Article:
Lowest Ceiling: Broken / 1200 ft agl
Visibility: 1 Miles
Wind Speed/Gusts, Direction: 16 knots/ 25 knots, 270°
Visibility (RVR): 
Altimeter Setting: 30.02 inches Hg
Visibility (RVV): 
Precipitation and Obscuration: Light - Mist; Light - Snow
Departure Point: Carmi, IL (CUL)
Type of Flight Plan Filed: IFR
Destination: Muncie, IN (MIE)
Type of Clearance: IFR
Departure Time: 1400 CST
Type of Airspace: Class D

Airport Information

Airport: Delaware County Regional Airport (MIE)
Runway Surface Type: N/A
Airport Elevation: 937 ft
Runway Surface Condition: Unknown
Runway Used: N/A
IFR Approach: Unknown
Runway Length/Width: 
VFR Approach/Landing: None

Wreckage and Impact Information

Crew Injuries: 1 Serious
Aircraft Damage: Substantial
Passenger Injuries: N/A
Aircraft Fire: None
Ground Injuries: N/A
Aircraft Explosion: None
Total Injuries:  1 Serious
Latitude, Longitude:  40.113056, -85.242500 (est)















NTSB Identification: CEN15LA098 
14 CFR Part 91: General Aviation
Accident occurred Sunday, January 04, 2015 in Muncie, IN
Aircraft: RAYTHEON AIRCRAFT COMPANY A36, registration: N349EA
Injuries: 1 Minor.

This is preliminary information, subject to change, and may contain errors. Any errors in this report will be corrected when the final report has been completed. NTSB investigators may not have traveled in support of this investigation and used data provided by various sources to prepare this aircraft accident report.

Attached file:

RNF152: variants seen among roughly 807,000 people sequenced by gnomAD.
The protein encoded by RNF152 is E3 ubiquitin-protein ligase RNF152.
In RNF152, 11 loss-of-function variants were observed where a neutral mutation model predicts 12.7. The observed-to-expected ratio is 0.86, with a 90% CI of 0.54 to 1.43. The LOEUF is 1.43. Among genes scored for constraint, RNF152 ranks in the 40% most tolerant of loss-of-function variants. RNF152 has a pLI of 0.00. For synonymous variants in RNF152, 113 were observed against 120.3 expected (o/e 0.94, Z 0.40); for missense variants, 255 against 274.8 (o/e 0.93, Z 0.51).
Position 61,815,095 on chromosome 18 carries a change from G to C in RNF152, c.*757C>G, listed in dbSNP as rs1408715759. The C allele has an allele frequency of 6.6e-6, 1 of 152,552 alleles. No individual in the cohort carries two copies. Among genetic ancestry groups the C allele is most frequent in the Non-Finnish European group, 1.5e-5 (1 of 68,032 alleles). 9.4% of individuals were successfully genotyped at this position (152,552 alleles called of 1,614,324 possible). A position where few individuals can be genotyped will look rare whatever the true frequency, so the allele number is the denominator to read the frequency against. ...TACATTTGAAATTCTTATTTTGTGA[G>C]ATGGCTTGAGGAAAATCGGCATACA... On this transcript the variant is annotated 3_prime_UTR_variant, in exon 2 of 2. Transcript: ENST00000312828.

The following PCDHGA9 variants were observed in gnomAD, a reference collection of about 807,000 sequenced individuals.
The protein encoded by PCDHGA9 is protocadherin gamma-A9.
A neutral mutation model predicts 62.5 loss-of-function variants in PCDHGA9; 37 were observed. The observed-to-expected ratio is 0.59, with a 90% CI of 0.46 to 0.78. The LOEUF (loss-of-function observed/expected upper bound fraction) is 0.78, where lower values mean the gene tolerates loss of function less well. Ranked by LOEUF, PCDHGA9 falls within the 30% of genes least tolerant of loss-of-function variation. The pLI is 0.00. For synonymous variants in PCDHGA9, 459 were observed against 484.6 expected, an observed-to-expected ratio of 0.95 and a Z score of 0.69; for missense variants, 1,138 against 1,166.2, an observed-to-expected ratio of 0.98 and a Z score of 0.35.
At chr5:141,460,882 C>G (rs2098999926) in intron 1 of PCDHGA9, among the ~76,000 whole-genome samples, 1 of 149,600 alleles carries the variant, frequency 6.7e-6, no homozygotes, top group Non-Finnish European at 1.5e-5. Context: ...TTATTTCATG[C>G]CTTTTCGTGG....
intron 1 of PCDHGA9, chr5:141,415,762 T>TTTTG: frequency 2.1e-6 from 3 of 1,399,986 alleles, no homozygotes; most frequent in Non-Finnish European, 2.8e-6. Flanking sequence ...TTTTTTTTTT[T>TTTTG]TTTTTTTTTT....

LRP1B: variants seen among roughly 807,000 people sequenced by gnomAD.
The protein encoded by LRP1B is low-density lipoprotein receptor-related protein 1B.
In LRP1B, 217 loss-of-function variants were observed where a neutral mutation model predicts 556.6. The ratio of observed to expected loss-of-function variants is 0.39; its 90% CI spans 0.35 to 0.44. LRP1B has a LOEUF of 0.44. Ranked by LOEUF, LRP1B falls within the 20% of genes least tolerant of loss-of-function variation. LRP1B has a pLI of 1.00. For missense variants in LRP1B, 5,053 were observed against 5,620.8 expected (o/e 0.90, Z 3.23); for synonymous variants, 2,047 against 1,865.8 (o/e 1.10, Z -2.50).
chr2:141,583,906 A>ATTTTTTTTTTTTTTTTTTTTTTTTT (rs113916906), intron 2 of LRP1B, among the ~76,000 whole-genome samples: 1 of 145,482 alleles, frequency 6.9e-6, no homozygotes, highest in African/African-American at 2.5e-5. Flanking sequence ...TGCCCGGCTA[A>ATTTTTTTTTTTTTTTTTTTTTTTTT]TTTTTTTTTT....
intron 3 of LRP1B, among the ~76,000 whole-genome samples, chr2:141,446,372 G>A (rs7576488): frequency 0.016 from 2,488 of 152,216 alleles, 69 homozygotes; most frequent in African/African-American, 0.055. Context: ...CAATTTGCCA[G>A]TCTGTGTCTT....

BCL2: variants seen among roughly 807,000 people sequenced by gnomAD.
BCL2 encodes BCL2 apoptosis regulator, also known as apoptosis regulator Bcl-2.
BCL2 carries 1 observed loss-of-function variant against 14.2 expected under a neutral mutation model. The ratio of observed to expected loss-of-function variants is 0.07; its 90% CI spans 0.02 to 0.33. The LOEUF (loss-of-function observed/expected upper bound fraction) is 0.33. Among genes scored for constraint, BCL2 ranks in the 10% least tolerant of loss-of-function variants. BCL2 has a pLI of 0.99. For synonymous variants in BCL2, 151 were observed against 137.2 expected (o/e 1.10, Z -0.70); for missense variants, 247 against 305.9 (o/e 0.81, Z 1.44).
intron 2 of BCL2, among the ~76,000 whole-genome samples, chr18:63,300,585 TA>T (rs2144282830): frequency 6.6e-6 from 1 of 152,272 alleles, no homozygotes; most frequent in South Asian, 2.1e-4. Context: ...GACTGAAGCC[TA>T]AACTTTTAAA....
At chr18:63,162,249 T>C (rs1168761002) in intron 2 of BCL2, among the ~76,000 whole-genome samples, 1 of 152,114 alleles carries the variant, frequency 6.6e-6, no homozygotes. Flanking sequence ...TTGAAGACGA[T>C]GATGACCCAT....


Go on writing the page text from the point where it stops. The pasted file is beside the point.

On January 4, 2015, about 1600 eastern standard time, a Raytheon Aircraft Company A36 single-engine airplane, N349EA, was substantially damaged after impacting terrain while maneuvering near Delaware County Regional Airport (MIE), Muncie, Indiana. The private pilot, who was the sole occupant, sustained minor injuries. The airplane was registered to Black Gold Aviation, LLC, Norris City, Illinois, and operated by the pilot. Instrument meteorological conditions (IMC) prevailed at the time of the accident and an instrument flight rules (IFR) flight plan was filed for the 14 Code of Federal Regulations Part 91 personal flight. The airplane departed Carmi, Illinois, approximately 1400 central standard time, and was destined for MIE.

According to the pilot, who spoke to Federal Aviation Administration inspectors, he had just executed a missed approach to MIE, and had been instructed by air traffic control (ATC) to climb due to being at a low altitude. The pilot does not recall the events of the accident following the ATC communications.

Examination of the airplane at the accident site revealed the three propeller blades were twisted and bent aft. The forward fuselage was crushed upward and distorted. The flaps and landing gear appeared to be in the retracted position.

At 1553, the MIE automated surface observing system reported the wind from 270 degrees at 16 knots, gusting to 25 knots, visibility 3/4 mile, decreasing snow, mist, sky broken at 1,200 feet, ceiling overcast at 1,800 feet, temperature 0 degrees Celsius, dew point minus 2 degrees Celsius, and an altimeter setting of 30.02 inches of Mercury.